Binge drinking is a serious public health problem among American Indian adolescents, yet few theoretical models specific to this population and type of problematic drinking have been tested. The White Mountain Apache Tribe has begun surveillance of binge drinking and a related line of research to inform tailored prevention efforts. The goal of this paper is to use structural equation modeling to understand the relationships between different individual, family, peer, and cultural factors that predict or protect against binge drinking behavior among Apache adolescents ages 10–19 years old. A cross-sectional case–control study was completed with N = 68 Apache adolescents who required medical attention due to a recent binge event (past 90 days) and N = 55 controls with no lifetime history of binge drinking. The hypothesized model was estimated with Mplus using the WLSMV robust least squares estimator. In the final model, stressful life events were related to family functioning and peer relationships. In turn, family functioning affected peer relationships and adolescent impulsivity, which were both associated with greater risk of binge drinking. The path between peer relationships and having engaged in binge drinking was statistically significant for those expressing lower cultural identity, but not for those reporting higher cultural identity. Findings suggest preventive interventions should emphasize teaching coping skills to manage life stressors and handle impulsivity, strengthening families, and changing peer dynamics with social network-based approaches as well as social skill training. The model highlights the potentially important role of culture in strengthening positive peer relationships to reduce binge drinking risk.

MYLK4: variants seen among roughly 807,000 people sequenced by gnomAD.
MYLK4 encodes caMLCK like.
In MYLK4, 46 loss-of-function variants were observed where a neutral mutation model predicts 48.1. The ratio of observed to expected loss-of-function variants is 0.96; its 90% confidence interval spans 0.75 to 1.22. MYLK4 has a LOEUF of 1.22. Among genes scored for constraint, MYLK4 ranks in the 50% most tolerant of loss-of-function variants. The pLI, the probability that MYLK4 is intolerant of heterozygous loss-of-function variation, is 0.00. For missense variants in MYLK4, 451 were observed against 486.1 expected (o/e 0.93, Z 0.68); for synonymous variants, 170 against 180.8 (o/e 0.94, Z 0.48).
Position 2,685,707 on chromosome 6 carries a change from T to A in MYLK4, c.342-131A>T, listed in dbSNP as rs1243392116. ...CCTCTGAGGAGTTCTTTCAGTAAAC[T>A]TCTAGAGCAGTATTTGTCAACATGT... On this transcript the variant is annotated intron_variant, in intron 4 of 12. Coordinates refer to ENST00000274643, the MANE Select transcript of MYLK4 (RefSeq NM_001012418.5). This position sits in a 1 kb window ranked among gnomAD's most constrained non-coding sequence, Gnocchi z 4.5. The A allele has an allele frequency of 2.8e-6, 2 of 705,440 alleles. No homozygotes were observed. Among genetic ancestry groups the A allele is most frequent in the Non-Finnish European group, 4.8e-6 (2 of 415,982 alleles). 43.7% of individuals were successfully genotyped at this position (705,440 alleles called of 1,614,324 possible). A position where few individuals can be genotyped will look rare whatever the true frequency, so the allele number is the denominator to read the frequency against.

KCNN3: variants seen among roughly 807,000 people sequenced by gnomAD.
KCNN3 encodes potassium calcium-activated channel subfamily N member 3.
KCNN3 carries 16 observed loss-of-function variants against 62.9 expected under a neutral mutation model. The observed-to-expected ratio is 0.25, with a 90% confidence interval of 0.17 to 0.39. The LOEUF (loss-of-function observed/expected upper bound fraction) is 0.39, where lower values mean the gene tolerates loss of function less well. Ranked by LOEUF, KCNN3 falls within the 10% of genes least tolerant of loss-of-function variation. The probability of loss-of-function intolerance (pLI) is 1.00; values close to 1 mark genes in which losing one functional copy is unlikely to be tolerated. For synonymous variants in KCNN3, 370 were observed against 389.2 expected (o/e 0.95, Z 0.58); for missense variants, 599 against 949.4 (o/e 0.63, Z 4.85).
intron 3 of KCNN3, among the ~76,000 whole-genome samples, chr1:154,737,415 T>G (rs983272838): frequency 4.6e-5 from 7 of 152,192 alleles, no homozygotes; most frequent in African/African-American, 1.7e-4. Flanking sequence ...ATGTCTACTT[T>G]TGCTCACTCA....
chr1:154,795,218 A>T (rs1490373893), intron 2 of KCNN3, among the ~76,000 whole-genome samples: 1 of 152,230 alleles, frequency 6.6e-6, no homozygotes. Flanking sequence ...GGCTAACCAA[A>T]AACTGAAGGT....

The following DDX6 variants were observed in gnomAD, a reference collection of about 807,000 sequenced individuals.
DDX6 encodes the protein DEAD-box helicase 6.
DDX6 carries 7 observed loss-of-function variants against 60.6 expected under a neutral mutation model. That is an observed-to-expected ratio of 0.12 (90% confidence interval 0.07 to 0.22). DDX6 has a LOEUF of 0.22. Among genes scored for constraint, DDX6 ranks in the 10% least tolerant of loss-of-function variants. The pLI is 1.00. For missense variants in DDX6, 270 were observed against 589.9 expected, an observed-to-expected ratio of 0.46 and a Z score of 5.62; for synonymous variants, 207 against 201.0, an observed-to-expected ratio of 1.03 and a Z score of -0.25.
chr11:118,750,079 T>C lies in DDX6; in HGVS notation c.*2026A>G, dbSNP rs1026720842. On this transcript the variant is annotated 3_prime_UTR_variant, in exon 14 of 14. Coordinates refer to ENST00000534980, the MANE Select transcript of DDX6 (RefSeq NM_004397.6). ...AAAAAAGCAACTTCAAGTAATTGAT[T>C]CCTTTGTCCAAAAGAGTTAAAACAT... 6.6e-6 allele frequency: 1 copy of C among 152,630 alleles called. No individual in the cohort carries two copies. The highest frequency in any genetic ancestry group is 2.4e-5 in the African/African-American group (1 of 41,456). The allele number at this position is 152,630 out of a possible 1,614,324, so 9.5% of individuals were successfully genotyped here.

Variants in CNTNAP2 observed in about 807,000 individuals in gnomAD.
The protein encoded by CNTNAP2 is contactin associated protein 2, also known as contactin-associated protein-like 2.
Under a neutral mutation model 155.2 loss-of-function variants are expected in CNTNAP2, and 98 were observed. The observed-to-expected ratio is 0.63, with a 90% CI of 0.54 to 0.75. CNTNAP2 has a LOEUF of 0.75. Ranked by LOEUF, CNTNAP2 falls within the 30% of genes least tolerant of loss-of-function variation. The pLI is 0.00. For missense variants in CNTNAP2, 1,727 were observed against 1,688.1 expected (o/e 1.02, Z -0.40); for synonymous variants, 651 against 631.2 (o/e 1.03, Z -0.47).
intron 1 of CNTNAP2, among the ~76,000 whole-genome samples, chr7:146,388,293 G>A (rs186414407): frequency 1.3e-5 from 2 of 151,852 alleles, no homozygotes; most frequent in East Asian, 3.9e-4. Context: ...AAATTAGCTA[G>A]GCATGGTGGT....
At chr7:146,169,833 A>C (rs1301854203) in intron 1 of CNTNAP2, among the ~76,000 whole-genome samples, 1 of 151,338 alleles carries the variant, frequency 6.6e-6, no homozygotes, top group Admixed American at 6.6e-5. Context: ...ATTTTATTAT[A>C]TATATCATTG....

Prevention Science – Springer Journals
Published: Jan 27, 2017
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